Bob Goodlatte On Immigration: 'We're Open' To Legalization For Undocumented Immigrants

Key House Republican Shows Wiggle Room On Immigration

WASHINGTON -- Rep. Bob Goodlatte (R-Va.) declined on Wednesday to define what he considers a pathway to citizenship for undocumented immigrants -- although he said he opposes a "special" pathway -- giving the legislator some wiggle room as he and his colleagues work on an immigration reform bill that could pass in the House.

"I would prefer to not try to define the details of how a legalization process would work until we know what the willingness is of the representatives of the people, after they've been briefed on the issue and had an opportunity to communicate with their constituents, to come back and let us know," the House Judiciary Committee chairman said at an event hosted by the Christian Science Monitor. "We're open to the idea that the large number of people who are not here lawfully are not a good thing to have ... operating in the shadows."

The definition of a "special pathway to citizenship" is a nebulous one, ranging from allowing undocumented immigrants to quickly begin a process of becoming citizens to simply giving them the ability to become citizens at all. Goodlatte acknowledged there is no set definition, but wouldn't offer his. Instead, he expressed openness to considering a number of options, including the type of pathway proposed by the Senate "gang of eight." The "gang of eight" proposal would allow undocumented immigrants to enter a process for a green card and eventual citizenship, but only after certain border provisions were met. Goodlatte didn't endorse the process specifically -- he said he still has a number of concerns -- but his reluctance to rule out any measures wholesale showed some flexibility.

"I do have concerns about a lot of the different proposals I've seen, and rather than negotiate those concerns in public, I think it's better to let the process work and see what kind of consensus we can develop," he said.

Goodlatte said last week that no pathway to citizenship for undocumented immigrants is needed, because as of now they aren't necessarily ruled out from green cards entirely.

"People have a pathway to citizenship right now: It's to abide by the immigration laws, and if they have a family relationship, if they have a job skill that allows them to do that, they can obtain citizenship," Goodlatte told NPR. "But simply someone who broke the law, came here, [to] say, 'I'll give you citizenship now,' that I don't think is going to happen."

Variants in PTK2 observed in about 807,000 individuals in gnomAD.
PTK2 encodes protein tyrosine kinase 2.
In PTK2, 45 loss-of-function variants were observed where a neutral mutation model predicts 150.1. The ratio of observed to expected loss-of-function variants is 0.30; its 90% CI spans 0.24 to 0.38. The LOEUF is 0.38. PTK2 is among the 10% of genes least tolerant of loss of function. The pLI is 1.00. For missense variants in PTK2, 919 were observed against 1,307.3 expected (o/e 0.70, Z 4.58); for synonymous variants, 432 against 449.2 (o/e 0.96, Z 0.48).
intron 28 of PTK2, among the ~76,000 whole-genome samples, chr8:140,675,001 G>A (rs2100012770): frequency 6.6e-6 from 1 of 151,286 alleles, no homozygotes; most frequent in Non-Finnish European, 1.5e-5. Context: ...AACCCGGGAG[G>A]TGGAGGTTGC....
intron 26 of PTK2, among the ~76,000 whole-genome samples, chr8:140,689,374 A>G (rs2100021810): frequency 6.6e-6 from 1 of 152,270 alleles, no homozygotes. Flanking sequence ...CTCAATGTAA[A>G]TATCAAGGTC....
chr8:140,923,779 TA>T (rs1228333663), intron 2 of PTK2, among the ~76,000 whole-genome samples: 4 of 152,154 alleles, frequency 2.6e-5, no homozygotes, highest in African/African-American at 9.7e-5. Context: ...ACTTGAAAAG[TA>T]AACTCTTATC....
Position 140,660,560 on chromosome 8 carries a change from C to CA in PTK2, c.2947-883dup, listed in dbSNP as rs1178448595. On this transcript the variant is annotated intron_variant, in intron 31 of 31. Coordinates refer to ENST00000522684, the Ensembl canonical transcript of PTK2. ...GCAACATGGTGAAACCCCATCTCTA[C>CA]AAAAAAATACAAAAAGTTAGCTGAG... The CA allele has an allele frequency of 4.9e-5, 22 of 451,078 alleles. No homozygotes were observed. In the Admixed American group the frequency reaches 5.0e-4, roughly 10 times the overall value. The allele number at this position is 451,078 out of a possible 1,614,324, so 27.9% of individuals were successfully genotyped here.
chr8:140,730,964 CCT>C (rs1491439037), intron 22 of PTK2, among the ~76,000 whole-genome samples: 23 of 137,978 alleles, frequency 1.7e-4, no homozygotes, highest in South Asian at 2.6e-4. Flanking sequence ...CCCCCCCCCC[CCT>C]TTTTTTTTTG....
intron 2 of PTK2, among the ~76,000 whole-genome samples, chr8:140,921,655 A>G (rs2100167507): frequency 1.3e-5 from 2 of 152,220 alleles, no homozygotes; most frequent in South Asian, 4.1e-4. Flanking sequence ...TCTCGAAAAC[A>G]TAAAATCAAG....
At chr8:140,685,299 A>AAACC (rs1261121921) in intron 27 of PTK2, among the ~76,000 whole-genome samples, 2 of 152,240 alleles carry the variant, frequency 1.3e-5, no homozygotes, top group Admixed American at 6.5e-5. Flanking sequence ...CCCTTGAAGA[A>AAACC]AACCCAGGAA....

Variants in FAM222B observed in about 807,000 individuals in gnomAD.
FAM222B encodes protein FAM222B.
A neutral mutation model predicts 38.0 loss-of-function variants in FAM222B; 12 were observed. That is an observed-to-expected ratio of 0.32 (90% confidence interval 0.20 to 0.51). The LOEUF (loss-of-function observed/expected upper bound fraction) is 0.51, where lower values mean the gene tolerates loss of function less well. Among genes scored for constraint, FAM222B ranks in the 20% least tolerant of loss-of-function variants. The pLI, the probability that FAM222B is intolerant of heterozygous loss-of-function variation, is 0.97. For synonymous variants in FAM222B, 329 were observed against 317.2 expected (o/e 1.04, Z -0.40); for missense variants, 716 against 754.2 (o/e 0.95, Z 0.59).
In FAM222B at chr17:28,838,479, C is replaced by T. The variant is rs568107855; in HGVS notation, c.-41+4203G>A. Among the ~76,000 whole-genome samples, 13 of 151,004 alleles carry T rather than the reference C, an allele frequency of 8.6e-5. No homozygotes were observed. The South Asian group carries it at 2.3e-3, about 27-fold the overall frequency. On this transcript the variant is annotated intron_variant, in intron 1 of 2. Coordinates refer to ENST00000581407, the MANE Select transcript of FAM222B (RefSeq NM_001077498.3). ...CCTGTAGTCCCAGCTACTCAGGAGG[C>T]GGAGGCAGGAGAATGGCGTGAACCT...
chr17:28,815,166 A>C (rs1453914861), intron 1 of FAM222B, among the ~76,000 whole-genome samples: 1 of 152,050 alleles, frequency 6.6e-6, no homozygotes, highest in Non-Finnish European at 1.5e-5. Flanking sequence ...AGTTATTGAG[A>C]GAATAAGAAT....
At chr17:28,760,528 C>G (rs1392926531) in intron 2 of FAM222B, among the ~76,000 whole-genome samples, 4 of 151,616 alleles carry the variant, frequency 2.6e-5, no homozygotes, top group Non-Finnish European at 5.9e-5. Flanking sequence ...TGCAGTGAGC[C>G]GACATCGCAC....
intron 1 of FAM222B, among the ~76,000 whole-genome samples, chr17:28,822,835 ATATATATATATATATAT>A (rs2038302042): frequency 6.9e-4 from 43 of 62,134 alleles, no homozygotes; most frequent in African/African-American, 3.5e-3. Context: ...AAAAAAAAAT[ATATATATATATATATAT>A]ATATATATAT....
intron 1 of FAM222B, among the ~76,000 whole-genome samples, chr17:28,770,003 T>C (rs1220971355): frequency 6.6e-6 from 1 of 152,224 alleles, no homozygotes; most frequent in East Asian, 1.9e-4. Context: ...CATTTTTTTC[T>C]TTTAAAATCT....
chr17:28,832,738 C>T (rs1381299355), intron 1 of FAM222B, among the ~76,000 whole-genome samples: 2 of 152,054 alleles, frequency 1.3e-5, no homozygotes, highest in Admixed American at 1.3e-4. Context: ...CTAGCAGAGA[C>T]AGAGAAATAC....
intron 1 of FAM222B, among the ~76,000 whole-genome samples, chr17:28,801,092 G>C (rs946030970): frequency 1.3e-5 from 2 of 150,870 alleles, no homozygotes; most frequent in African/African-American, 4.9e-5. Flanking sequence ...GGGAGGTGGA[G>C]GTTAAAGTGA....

Goodlatte made a similar point on Wednesday, saying he believes undocumented immigrants should be allowed to go through currently available channels, such as family-based visas through marriage, to receive green cards that would eventually allow them to become citizens. They could do the same if they were legalized through immigration reform, he said.

"Once you have that status, you can qualify like anyone else," Goodlatte said.

A number of House Republicans have, like Goodlatte, come out against a "special" pathway to citizenship as part of immigration reform. The argument is that allowing undocumented immigrants to become citizens through a special process could create an incentive for more people to enter the country without authorization, and would be unfair to those attempting to immigrate legally. Goodlatte said undocumented immigrants should instead be required to go through normal channels already in place and get at the "back of the line."

The idea of a "line" is problematic in some ways to immigration advocates -- many undocumented immigrants either have no option available at all, or one that could take decades -- but it's a common concept in reform proposals from both parties.

The most important issues in the definition, then, are whether undocumented immigrants should ever be allowed to become citizens, rather than becoming what advocates consider a permanent underclass that would be unable to vote, and whether the process should be reformed to make it easier to begin the naturalization process.

Goodlatte said undocumented immigrants should not be banned from ever becoming citizens, and that he was open to considering ways of making legalization somewhat easier for undocumented immigrants. That could be done by eliminating three- and 10-year bars that currently require people to go back to their native country and wait for years to re-enter legally, he said.

He declined to rule out some sort of separate visa for undocumented immigrants that wouldn't allow them to naturalize more quickly, but would by definition put them in a different category than other would-be green card holders.

"There's a broad spectrum between deportation and an easy, special pathway to citizenship to find a way to bring people out of the shadows and give them a legal status that would allow them to be better able to participate in our society," he said. "We should be focused there and recognizing as we do that there are millions of people who are not U.S. citizens who are in long lines, waiting to avail themselves of those opportunities, who have followed the legal process."

Most important, he said, is finding some sort of agreement through regular order in the House and Senate. That would mean that any bill should go through his committee, which handles immigration matters, and then to the House floor for a vote.

"We have a broken immigration system, and we should be working to try to solve all of it," he said. "But if we can't solve all of it, we should be solving as many parts of it as we can."

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The Naturalization Act of 1790

10 Major U.S. Federal Immigration Laws

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